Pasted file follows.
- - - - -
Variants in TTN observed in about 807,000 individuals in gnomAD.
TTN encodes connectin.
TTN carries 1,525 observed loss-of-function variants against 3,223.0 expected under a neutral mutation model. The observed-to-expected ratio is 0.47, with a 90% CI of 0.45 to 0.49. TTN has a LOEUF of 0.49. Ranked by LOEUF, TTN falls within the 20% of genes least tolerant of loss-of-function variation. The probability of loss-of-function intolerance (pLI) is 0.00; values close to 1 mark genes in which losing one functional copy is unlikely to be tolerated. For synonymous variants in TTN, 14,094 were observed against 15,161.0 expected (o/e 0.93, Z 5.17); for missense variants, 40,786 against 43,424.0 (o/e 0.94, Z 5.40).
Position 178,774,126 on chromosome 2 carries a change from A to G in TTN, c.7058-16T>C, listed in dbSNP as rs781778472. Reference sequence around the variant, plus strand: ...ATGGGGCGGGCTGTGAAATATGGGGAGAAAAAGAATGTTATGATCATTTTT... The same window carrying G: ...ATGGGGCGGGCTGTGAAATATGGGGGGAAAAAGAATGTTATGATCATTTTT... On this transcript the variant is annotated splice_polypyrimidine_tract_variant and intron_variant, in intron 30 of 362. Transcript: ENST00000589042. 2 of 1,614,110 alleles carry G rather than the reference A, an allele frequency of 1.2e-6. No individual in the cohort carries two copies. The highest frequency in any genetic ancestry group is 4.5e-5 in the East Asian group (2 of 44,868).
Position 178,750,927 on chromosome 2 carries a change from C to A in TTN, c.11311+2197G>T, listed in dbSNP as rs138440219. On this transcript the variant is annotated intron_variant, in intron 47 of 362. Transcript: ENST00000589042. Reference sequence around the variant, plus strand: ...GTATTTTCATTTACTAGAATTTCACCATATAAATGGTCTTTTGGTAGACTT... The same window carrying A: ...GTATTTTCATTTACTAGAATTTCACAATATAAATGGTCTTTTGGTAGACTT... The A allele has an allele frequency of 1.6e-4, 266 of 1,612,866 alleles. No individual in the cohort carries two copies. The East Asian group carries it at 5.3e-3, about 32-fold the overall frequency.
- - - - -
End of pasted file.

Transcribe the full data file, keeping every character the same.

Variants in TTN observed in about 807,000 individuals in gnomAD.
TTN encodes connectin.
TTN carries 1,525 observed loss-of-function variants against 3,223.0 expected under a neutral mutation model. The observed-to-expected ratio is 0.47, with a 90% CI of 0.45 to 0.49. TTN has a LOEUF of 0.49. Ranked by LOEUF, TTN falls within the 20% of genes least tolerant of loss-of-function variation. The probability of loss-of-function intolerance (pLI) is 0.00; values close to 1 mark genes in which losing one functional copy is unlikely to be tolerated. For synonymous variants in TTN, 14,094 were observed against 15,161.0 expected (o/e 0.93, Z 5.17); for missense variants, 40,786 against 43,424.0 (o/e 0.94, Z 5.40).
Position 178,774,126 on chromosome 2 carries a change from A to G in TTN, c.7058-16T>C, listed in dbSNP as rs781778472. Reference sequence around the variant, plus strand: ...ATGGGGCGGGCTGTGAAATATGGGGAGAAAAAGAATGTTATGATCATTTTT... The same window carrying G: ...ATGGGGCGGGCTGTGAAATATGGGGGGAAAAAGAATGTTATGATCATTTTT... On this transcript the variant is annotated splice_polypyrimidine_tract_variant and intron_variant, in intron 30 of 362. Transcript: ENST00000589042. 2 of 1,614,110 alleles carry G rather than the reference A, an allele frequency of 1.2e-6. No individual in the cohort carries two copies. The highest frequency in any genetic ancestry group is 4.5e-5 in the East Asian group (2 of 44,868).
Position 178,750,927 on chromosome 2 carries a change from C to A in TTN, c.11311+2197G>T, listed in dbSNP as rs138440219. On this transcript the variant is annotated intron_variant, in intron 47 of 362. Transcript: ENST00000589042. Reference sequence around the variant, plus strand: ...GTATTTTCATTTACTAGAATTTCACCATATAAATGGTCTTTTGGTAGACTT... The same window carrying A: ...GTATTTTCATTTACTAGAATTTCACAATATAAATGGTCTTTTGGTAGACTT... The A allele has an allele frequency of 1.6e-4, 266 of 1,612,866 alleles. No individual in the cohort carries two copies. The East Asian group carries it at 5.3e-3, about 32-fold the overall frequency.